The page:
One day before a threatened U.S. government shutdown, Senate leaders on Wednesday struck a bipartisan deal that would keep the federal government funded for two years but left contentious immigration topics unaddressed.
“I’m pleased to announce that our bipartisan, bicameral negotiations on defense spending and other priorities have yielded a significant agreement,” Majority Leader Mitch McConnell, a Kentucky Republican, said on the Senate floor.
“We came together with an agreement that is very good for the American people,” Democratic Minority Leader Chuck Schumer of New York said. “After months of legislative logjams, this budget deal is a genuine breakthrough.”
The package would boost U.S. government spending on national defense and domestic programs by $300 billion over a two-year period, ending years of mandatory budget caps Republicans argued were hollowing out America's military and Democrats said were harming the needy.
“The compromise we’ve reached will ensure that, for the first time in years, our armed forces will have more of the resources they need to keep America safe,” McConnell said. “It will help us serve the veterans who’ve bravely served us, and it will ensure funding for important efforts such as disaster relief, infrastructure, and building on our work to fight opioid abuse.”
Senate leaders were racing against the clock, with federal funding set to expire at midnight Thursday. Unless spending authority is extended, the U.S. government will suffer its second partial shutdown in as many months.
The agreement gives Congress six weeks to appropriate funds that are in line with spending levels set forth in the agreement. To become law, it would have to pass both houses of Congress and be signed by President Donald Trump.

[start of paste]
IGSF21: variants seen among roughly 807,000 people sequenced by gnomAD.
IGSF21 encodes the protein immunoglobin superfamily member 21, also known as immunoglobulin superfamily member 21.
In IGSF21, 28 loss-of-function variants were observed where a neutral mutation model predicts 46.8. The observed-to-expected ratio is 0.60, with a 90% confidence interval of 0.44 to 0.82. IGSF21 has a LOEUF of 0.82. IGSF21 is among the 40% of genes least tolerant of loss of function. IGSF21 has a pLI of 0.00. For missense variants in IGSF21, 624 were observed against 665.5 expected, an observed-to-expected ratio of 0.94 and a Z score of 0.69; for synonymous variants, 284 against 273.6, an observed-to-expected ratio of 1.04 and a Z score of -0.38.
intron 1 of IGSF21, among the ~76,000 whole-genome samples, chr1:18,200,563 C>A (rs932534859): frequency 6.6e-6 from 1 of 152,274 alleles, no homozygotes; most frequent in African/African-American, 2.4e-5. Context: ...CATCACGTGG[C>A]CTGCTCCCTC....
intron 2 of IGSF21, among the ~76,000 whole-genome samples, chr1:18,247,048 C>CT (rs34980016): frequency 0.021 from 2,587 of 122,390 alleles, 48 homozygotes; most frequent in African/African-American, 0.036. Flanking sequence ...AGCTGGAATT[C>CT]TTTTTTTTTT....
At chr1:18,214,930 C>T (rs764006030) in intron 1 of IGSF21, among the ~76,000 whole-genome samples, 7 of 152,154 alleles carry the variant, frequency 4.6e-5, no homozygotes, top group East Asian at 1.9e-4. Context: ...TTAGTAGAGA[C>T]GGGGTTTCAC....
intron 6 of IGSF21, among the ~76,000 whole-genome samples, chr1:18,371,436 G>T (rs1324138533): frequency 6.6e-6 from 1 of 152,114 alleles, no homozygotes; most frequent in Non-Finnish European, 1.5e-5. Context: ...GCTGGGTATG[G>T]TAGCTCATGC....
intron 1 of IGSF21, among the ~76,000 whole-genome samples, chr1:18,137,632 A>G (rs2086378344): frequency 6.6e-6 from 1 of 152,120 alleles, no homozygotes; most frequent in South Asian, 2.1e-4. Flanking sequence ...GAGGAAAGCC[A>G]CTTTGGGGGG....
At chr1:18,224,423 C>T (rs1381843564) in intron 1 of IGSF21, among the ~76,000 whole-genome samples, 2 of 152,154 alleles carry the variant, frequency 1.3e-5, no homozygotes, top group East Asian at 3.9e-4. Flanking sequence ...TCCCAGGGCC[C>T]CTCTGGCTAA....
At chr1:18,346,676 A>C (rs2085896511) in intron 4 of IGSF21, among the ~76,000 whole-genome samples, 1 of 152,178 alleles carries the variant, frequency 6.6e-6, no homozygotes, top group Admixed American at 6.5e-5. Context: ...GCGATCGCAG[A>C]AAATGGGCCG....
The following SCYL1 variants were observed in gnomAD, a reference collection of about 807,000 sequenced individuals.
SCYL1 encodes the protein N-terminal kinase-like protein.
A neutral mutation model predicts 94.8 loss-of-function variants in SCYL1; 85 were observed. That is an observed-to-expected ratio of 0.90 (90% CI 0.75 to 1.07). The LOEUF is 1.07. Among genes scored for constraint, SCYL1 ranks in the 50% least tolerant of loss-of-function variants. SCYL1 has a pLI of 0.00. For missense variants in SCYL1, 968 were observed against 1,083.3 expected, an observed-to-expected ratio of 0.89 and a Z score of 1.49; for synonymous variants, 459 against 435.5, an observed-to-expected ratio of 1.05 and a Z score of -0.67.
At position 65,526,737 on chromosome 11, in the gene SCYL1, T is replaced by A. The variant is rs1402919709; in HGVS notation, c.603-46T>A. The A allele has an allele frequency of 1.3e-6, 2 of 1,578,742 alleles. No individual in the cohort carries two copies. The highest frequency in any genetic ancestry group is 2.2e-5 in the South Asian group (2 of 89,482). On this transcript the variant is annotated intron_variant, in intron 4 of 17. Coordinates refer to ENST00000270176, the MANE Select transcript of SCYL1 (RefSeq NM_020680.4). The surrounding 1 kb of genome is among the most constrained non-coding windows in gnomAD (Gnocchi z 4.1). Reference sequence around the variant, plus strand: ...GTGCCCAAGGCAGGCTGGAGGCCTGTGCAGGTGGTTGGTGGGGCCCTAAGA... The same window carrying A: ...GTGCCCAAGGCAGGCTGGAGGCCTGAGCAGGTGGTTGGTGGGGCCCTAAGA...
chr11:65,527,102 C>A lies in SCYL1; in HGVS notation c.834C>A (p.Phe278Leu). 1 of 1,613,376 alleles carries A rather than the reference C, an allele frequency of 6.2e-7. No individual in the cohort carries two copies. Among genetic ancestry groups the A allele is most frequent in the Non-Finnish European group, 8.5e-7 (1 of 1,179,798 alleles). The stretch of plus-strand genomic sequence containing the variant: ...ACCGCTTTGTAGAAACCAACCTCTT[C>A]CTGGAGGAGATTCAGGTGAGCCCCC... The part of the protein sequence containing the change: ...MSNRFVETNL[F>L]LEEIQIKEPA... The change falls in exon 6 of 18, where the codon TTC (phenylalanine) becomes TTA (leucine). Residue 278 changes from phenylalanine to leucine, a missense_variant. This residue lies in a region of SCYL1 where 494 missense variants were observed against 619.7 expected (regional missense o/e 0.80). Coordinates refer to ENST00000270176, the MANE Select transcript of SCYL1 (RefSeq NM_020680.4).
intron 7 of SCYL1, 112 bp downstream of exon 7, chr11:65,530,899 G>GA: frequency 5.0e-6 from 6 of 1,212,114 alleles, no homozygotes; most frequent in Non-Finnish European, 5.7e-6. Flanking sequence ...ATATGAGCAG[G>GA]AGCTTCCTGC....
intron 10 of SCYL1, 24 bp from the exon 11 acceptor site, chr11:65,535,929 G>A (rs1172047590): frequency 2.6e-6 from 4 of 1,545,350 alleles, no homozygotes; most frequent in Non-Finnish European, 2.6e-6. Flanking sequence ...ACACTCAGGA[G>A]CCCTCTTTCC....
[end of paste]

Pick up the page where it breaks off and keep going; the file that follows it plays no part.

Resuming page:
Initial White House reaction to the deal was optimistic but noncommittal.
“We applaud the steps forward that they (congressional leaders) have made, but we are going to need to see what is in the final bill,” White House Press Secretary Sarah Huckabee Sanders said at the daily press briefing. “We’re certainly happy with the direction that it’s moving, particularly that we’re moving away from the crisis budgeting that we've been on.”
The funding deal was expected to draw opposition from Republican ultra-conservative fiscal hawks and was dismissed beforehand by some Democrats who are demanding congressional action to protect from deportation hundreds of thousands of young undocumented immigrants brought to America as children.
House Minority Leader Nancy Pelosi, a California Democrat, announced she would withhold support for the funding deal until Republican Speaker of the House Paul Ryan commits to a floor vote to address the plight of beneficiaries of Deferred Action for Childhood Arrivals (DACA).
“What are you afraid of?” Pelosi asked of Ryan in a lengthy speech on the House floor. “Give us a vote. Let the House work its will.”
Democrats blocked a stopgap spending bill in January, triggering a three-day federal shutdown, in part to protest Congress' inaction on DACA, an Obama administration program Trump set to expire March 5.
The president has said he supports a path to citizenship for 1.8 million youth eligible for DACA as part of a larger immigration reform package. The White House is also demanding funding for a wall along the U.S.-Mexico border, a reduction in legal immigration to the United States, and prioritizing newcomers with advanced work skills.
Bipartisan negotiations have yet to reach a deal on an overhaul of America's immigration laws, and Trump has rejected a proposal that would pair a DACA solution with limited border security enhancements.
After hailing the funding accord, McConnell restated his intention to start floor debate on immigration reform, including a fix for DACA recipients.
“Our upcoming debate on DACA, border security and other issues will be a process that is fair to all sides,” he said. “While I obviously cannot guarantee any outcome, I can ensure the process is fair. And that I intend to do.”